6.    Shri Lakshmikumaran, learned advocate appearing on behalf of the
      appellant has argued before us that the judgment of  the  Tribunal  is
      wrong on first principles.  The Tribunal has failed to appreciate that
      a disposable syringe and needle continues to be a  disposable  syringe
      and needle even after the process of sterilization and, therefore, the
      basic test of a new article emerging as a result of a process, being a
      transformation  of  an  article  into  something  new,  which  has   a
      distinctive name, character or use is clearly absent  in  the  present
      case. He cited a number of judgments to buttress his submissions.

      7.    Ms. Shirin  Khajuria,  learned  counsel  who  appeared  for  the
      respondent, countered these submissions and said  that  it  was  clear
      that the articles in question could not be used commercially  until  a
      process of sterilization had been undergone.  This  being  so,  it  is
      clear that the process of sterilization  is  an  important  integrated
      and/or  ancillary  process  without  which  the  end  product  had  no
      commercial use and, therefore, applying the said  test,  it  is  clear
      that the process of sterilization leads to manufacture.  She  cited  a
      number of judgments which we will refer to presently.

      8.    Regard being had to the issue being  a  ticklish  one,  we  need
      first to delve into a few basic principles.

      Distinction between manufacture and marketability

      9.    A duty of excise is  levied  on  the  manufacture  of  excisable
      goods. “Excisable goods” are those goods which  are  included  in  the
      schedules of the Central Excise Tariff Act, 1985.   “Excisable  goods”
      brings in the concept of goods that  are  marketable,  that  is  goods
      capable of being sold in the market.  On the other  hand,  manufacture
      is  distinct  from  sale-ability.  Manufacture  takes  place  on   the
      application of one or more processes.  Each  process  may  lead  to  a
      change in the goods, but every change does not amount to  manufacture.
      There must be something more – there must be a transformation by which
      something new and different comes into being, that is, there must  now
      emerge an article which has a distinctive name, character or use.

      When transformation does not take place.

      10.   When a finished product cannot conveniently be used in the  form
      in which it happens to be, and it  is  required  to  be  changed  into
      various shapes and sizes so that  it  can  conveniently  be  used,  no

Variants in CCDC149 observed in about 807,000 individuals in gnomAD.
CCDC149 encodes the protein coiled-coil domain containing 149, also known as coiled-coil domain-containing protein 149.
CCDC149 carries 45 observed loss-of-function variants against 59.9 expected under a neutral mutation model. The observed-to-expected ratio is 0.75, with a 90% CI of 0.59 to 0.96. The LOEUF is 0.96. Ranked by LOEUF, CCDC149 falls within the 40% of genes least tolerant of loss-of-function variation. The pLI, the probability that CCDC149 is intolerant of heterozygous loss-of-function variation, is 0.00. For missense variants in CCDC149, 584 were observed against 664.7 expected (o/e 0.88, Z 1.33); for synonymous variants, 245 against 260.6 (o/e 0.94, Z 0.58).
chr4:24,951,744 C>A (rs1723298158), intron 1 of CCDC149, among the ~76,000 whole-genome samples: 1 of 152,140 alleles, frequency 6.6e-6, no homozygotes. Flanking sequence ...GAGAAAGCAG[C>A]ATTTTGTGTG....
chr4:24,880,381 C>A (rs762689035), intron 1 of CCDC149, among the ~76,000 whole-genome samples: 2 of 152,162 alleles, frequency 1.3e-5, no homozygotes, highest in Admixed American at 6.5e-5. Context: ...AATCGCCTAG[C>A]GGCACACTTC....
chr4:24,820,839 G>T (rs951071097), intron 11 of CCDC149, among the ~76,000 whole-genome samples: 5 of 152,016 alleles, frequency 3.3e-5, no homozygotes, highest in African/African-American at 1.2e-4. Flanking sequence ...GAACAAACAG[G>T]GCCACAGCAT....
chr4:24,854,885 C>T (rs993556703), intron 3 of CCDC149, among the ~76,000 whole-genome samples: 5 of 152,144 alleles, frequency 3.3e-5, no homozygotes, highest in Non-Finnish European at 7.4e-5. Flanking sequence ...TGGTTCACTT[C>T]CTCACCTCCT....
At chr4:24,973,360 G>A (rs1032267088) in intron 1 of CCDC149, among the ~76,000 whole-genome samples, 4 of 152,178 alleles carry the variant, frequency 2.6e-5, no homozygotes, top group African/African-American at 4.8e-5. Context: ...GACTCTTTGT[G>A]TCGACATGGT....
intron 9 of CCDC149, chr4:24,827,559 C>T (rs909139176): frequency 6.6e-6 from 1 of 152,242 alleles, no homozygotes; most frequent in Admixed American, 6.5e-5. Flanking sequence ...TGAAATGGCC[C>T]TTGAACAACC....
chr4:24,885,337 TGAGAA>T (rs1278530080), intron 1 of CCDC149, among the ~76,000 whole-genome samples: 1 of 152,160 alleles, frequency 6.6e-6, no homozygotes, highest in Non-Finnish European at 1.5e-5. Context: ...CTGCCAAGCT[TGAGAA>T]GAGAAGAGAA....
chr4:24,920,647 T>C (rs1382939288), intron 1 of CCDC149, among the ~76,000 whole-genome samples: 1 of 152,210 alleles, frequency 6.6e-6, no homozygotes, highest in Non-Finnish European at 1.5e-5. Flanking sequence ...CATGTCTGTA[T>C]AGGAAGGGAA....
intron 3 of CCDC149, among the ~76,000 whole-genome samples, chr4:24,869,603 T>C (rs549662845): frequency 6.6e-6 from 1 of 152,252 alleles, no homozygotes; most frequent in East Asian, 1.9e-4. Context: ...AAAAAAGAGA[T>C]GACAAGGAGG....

transformation takes place if the character and the  end  use  of  the
      first product continue to  be  the  same.   An  illustration  of  this
      principle is brought out by the judgment in CCE,  New  Delhi  v.  S.R.
      Tissues, 2005 (186) E.L.T. 385 (S.C.).   On facts, in the  said  case,
      jumbo rolls of tissue paper were cut into various shapes and sizes  so
      that they could be used as table napkins, facial  tissues  and  toilet
      rolls.  This Court held that there was no manufacture as the character
      and the end use of the tissue paper in the jumbo roll and  the  tissue
      paper in the table napkin, facial tissue and toilet roll  remains  the

      11.   Another example of when transformation does not  take  place  is
      when foreign matter is removed from an article or additions  are  made
      to the article to preserve it or increase its shelf life.

      12.   In MMTC v. Union of India, 1983 (13) E.L.T.  1542  (S.C.),  this
      Court dealt with the separating of wolfram ore from rock  to  make  it
      usable.  It was held that the process of separation  and  sorting  out
      pieces of wolfram or by  washing  or  magnetic  separation  would  not
      amount to a manufacturing process.  Wolfram ore does not cease  to  be
      an  ore  even  though  by  the  aforesaid  processes  it  may   become
      concentrated wolfram ore.

      13.   In Mineral Oil Corporation v. CCE,  Kanpur,  1999  (114)  E.L.T.
      166 (Tribunal), the facts were that used  transformer  oil,  which  by
      applying processes for removal of impurities therefrom, is again  made
      usable as transformer oil. Both before and after the  said  processes,
      transformer oil remained as transformer oil.  That being  so,  it  was
      held that no new  and  distinct  commodity  has  come  into  existence
      consequent to  the  process  undertaken.   The  test  for  determining
      whether manufacture can be said to have taken  place  is  whether  the
      commodity which is subjected to the  process  of  manufacture  can  no
      longer be regarded as the original commodity but is recognized by  the
      trade as a new and distinct commodity.  This Court dismissed the civil